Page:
Basically, one of these chocolatey, crispy, caramely cups is a far superior choice for a snack or dessert than any conventional, store-bought chocolate bar. Make a batch and give them to friends for a taste test: I know mine approve!
Crunchy Caramel Cups
Makes 12 cups
- 1 cup virgin coconut oil
- 3/4 c. cacao powder (or non-alkalized cocoa powder)
- 1/2 c. maple syrup
- 1/4 c. crispy quinoa (or crispy brown rice cereal)
- 8 dates, soaked in water for at least 20 minutes
1. Line a cupcake tin with 12 cupcake liners.
2. Slowly melt the coconut oil in a saucepan over low heat. Take off the heat when it’s completely liquified and add the cacao and maple syrup. Use a whisk to combine until smooth. Spoon a tablespoon of the liquid chocolate into each cupcake liner then add a spoonful of the crispy quinoa on top. Place in the freezer for 10 minutes to set.
3. Meanwhile, drain your soaked dates and cut out their pits. Place into a food processor or high-powered blender and puree on high until a smooth date-paste forms. This is your raw caramel.
4. Remove the cupcake tin from the freezer and place a teaspoon-sized ball of the caramel on top of each chocolate disk. Wet your fingers and press each dollop of caramel out so it creates a thin circular layer. Top this layer with two tablespoons of your liquid chocolate in each cupcake liner. Place in the freezer for at least 15 minutes, or until set and enjoy!
Making a healthy, filling, and delicious dessert doesn’t have to mean spending hours in the kitchen. These creamy, heavenly-spiced popsicles are a cinch to create and only require a bit of patience in the freezer before you indulge.
The coconut milk in these pops provide a helping of good-for-you fats while the chia seeds lend omega-3 fatty acids and fiber to keep you satiated long after you’ve had your dessert. I’m a huge fan of aromatic herbs and spices, like this chai spice mixture. It gives a pop of flavor without extra calories and actually helps to boost your immune system and other body functions. Amazing Mother Nature!
Chai Chia Pops
Makes 10 Popsicles
- 1 (13.5 oz.) can full-fat coconut milk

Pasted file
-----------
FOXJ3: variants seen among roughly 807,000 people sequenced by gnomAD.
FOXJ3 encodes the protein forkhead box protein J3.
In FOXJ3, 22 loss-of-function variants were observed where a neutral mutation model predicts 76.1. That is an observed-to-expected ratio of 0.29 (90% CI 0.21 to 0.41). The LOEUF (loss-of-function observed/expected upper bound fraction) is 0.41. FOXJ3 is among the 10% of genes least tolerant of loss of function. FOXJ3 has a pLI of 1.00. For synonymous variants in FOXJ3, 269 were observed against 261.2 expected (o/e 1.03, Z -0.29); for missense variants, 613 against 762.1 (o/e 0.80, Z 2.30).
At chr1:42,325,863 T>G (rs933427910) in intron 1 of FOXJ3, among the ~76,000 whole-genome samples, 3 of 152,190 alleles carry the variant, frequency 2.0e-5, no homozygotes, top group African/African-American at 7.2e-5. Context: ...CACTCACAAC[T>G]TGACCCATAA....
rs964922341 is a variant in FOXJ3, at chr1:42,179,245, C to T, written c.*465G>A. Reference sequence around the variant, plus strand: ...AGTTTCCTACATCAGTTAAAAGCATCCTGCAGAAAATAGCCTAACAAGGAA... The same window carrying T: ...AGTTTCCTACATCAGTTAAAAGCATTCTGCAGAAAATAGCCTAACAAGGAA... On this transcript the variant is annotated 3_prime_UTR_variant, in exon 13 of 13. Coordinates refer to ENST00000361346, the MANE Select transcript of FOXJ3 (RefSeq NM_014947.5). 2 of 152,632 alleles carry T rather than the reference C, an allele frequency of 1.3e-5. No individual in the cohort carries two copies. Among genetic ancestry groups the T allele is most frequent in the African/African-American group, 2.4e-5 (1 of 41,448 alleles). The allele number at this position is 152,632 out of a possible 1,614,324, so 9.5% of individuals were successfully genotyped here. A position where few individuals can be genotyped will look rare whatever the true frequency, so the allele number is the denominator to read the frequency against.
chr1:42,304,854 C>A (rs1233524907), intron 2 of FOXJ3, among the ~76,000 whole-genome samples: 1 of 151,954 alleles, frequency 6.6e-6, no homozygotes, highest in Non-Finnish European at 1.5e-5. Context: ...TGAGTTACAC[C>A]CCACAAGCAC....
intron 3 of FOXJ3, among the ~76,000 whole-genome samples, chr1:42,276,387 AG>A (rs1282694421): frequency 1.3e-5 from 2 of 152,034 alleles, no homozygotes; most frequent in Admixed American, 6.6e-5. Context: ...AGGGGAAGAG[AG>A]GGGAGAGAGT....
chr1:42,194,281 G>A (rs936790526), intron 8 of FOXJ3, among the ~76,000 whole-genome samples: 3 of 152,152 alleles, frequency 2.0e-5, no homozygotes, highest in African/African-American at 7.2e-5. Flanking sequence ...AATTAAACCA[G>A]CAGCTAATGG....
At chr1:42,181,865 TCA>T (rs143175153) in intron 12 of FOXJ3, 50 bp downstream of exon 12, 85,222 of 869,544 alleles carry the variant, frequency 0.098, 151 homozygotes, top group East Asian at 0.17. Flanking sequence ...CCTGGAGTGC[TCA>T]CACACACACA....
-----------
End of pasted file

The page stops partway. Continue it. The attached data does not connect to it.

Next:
- 1 c. water
- ⅓ c. maple syrup
- ¼ c. chia seeds
- 1 ½ tsp. vanilla extract
- 2 tsp. cinnamon
- 2 tsp. turmeric
- 1 tsp. cardamom
- 1 tsp. ground ginger
- ½ tsp. ground cloves
- Pinch of freshly ground black pepper
Add all ingredients to a blender or food processor and blend until combined. Let sit in the fridge for 15 minutes until the chia seeds have expanded and stir again. Pour mixture into popsicle molds and let them set in the freezer for at least 4 hours. Enjoy!
When cooking for a group of people, the search for a universally-friendly dish can be overwhelming. The host wants to keep things healthy, yet interesting. Some guests might be gluten-free. Some guests have allergies. Some guests are vegan, and even others dread the thought of “vegan food.” Believe me, I’ve heard it all. As a host, it can be a struggle. Big salads are often the easiest meals to prep, but can be boring for some people. On the same token, you don’t want to be slaving away in the kitchen all evening. What to do?!
I have a solution. These Millet-Polenta Cakes with Arugula Pesto are hearty enough for the vegan-skeptics, easy enough to prepare beforehand for the host, and flavorful enough to keep everyone happy–not to mention they’re vegan and gluten-free! Feel free to double the batch and cut the polenta into larger-sized cakes to serve as a main dish, or keep them smaller as an appetizer. No matter what, these are sure to impress your guests with their beautiful presentation and Italian-inspired flavors.
Makes 9 cakes
- 1 tbs. extra virgin olive oil, plus extra for greasing
- 1 garlic clove, minced
- 1/2 c. millet
- 4 1/2 c. water
- 1 1/2 tbs. salt
- 1/2 fine polenta cornmeal
- 3 c. arugula
- Small handful of toasted almonds, roughly chopped
Heat the oil in a saucepan over medium heat. Add the minced garlic and cook for about a minute, until fragrant. Add the millet and saute for another minute. Being very careful, pour the water into the saucepan. Add the salt and turn the heat up to high to bring the water to a boil. Using a wire whisk, keep the water moving as you slowly pour the cornmeal in. Reduce the heat to medium-low, keeping the polenta mixture bubbling very slightly. Use the whisk to keep the mixture moving slowly until it thickens to the texture of a porridge (between 20-30 minutes). Remove from the heat.
Oil a 9×9 inch glass casserole dish and pour the hot polenta mixture in, using a rubber spatula to level the top. Put the dish in the fridge for about an hour, or until the polenta has set. Turn the cooled polenta out of the casserole dish and onto a cutting board (you should have one large square of polenta). Use a sharp knife to cut the polenta into nine 3×3 inch cakes.
To plate: Lay a polenta cake over 1/2 cup of arugula and top with the Arugula Pesto (recipe below) and leftover chopped almonds. Enjoy!
Makes about 3/4 c. of pesto
- 1/4 c. almonds
- Juice and zest of one lemon
- 2 tbs. extra virgin olive oil
- 2 garlic cloves
- 3 oz. arugula (about 3 c. packed)
- 1 tsp. nutritional yeast
-1 1/2 tsp. salt
- Black pepper to taste
Toast the almonds in a 425ºF oven for 7-10 minutes, or until fragrant.
In a food processor, puree all ingredients (including almonds) until smooth. Serve over Millet-Polenta Cakes.